Harrington's wrist raises concerns

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SOUTHPORT, England --- First, Tiger Woods. Now, Padraig Harrington?

Defending champion Padraig Harrington of Ireland smiles during a press conference ahead of the British Open Golf championship, at the Royal Birkdale golf course, Southport, England, Tuesday, July 15, 2008. The British Open starts at Royal Birkdale on Thursday July 17.  Associated Press
Associated Press
Defending champion Padraig Harrington of Ireland smiles during a press conference ahead of the British Open Golf championship, at the Royal Birkdale golf course, Southport, England, Tuesday, July 15, 2008. The British Open starts at Royal Birkdale on Thursday July 17.

The defending British Open champion is plagued by a sore right wrist, which forced him to cut back a practice round Tuesday and raised doubts about whether he will be able to tee it up this week.

Harrington insisted he'll be ready -- with one caveat.

"Obviously I have to manage it between now and then," he said after scaling back to chipping and putting over the final nine holes of his practice session. "I've got to make sure I don't do anything to it. If I do nothing to it between now and Thursday, I'll be able to play."

The Open can sorely afford to lose another top player. Woods, a three-time British champion and the world's No. 1 player, is sitting out the rest of the year to recover from knee surgery. Another leading American, Kenny Perry, decided to skip the tournament despite winning three of his past five events on the PGA Tour.

Despite taking a couple of days off, Harrington was clearly not at full strength during his first practice round of the week at Royal Birkdale. He played the front side but made sure to avoid hitting any shots out of the thick rough. At the turn, he was checked by a doctor and decided to just work around the green over the final nine holes.

Asked how his wrist felt, Harrington said, "Fuzzy. Tingly. I was weak in the wrist, and that's why I didn't play the back nine."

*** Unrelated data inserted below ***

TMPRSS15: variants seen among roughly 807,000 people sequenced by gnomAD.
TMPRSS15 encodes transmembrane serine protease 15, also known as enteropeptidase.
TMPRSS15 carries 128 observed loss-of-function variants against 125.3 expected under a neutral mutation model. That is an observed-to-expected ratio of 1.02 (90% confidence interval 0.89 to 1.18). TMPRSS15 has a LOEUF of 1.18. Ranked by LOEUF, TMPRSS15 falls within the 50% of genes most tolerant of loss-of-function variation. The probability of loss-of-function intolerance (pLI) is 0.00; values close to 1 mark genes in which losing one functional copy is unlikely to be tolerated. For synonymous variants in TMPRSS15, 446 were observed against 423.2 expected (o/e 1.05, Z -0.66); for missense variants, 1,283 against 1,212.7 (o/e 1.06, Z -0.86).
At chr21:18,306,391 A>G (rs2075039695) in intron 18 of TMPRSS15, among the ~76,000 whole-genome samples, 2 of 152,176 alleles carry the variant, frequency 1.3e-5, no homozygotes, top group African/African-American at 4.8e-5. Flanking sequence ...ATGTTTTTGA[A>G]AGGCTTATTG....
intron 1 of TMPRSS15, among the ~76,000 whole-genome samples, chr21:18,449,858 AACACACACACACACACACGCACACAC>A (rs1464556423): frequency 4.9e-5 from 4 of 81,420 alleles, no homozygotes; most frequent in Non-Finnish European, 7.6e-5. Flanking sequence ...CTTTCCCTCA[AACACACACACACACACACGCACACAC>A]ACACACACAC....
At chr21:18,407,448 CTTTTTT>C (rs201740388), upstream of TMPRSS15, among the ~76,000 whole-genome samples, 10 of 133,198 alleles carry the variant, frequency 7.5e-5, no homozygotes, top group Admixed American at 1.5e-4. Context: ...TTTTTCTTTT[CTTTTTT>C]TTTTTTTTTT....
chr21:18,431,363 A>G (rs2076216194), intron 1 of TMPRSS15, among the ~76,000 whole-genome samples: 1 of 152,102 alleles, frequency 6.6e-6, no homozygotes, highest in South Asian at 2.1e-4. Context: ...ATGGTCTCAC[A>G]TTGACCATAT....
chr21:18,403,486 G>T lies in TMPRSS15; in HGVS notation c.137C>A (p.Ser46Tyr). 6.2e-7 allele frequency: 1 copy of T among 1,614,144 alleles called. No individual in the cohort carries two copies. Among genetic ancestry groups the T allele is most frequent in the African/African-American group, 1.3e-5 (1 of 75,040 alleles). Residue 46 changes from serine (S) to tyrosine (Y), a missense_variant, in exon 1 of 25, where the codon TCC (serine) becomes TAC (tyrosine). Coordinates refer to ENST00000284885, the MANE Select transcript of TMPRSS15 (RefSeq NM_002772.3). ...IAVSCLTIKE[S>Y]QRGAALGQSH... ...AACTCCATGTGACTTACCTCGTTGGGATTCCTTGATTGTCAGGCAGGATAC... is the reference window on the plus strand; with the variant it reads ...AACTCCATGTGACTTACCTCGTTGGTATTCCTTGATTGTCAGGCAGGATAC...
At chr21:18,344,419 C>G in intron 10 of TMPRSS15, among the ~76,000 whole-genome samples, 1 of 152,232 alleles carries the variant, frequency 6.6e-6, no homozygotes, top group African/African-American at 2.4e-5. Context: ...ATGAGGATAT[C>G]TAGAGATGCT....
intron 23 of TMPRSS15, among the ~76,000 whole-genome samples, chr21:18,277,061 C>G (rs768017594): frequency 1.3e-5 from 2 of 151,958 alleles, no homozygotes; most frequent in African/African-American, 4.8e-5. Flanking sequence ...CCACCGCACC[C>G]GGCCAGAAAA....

He sprained the wrist Saturday while swinging into an "impact bag," a sort of punching bag golfers use to strengthen that very crucial part of their bodies. He skipped two days of practice and got treatment, then decided to test it out on the course.

While Harrington failed to make it through all 18 holes, he is not considering dropping out.

"Not at the moment, no," he said. "Unless I injured it again. I can't see that happening. As long as I avoid doing that, I'll be OK."

Even if Harrington does play, he'll hardly be in top form. He intends to be back on the course today, but isn't sure if he'll be able to play more than nine holes. No matter what, he won't hit from the tall grass until it counts. Harrington said the next shot he hits from the rough will be in the tournament because he doesn't want to put any extra stress on his wrist.

The injury will surely make the job of defending the claret jug a little tougher. But nothing can take away from Harrington's memorable win a year ago at Carnoustie, where he hit two balls into the Barry Burn on the last hole of regulation but bounced back to beat Sergio Garcia in a four-hole playoff.


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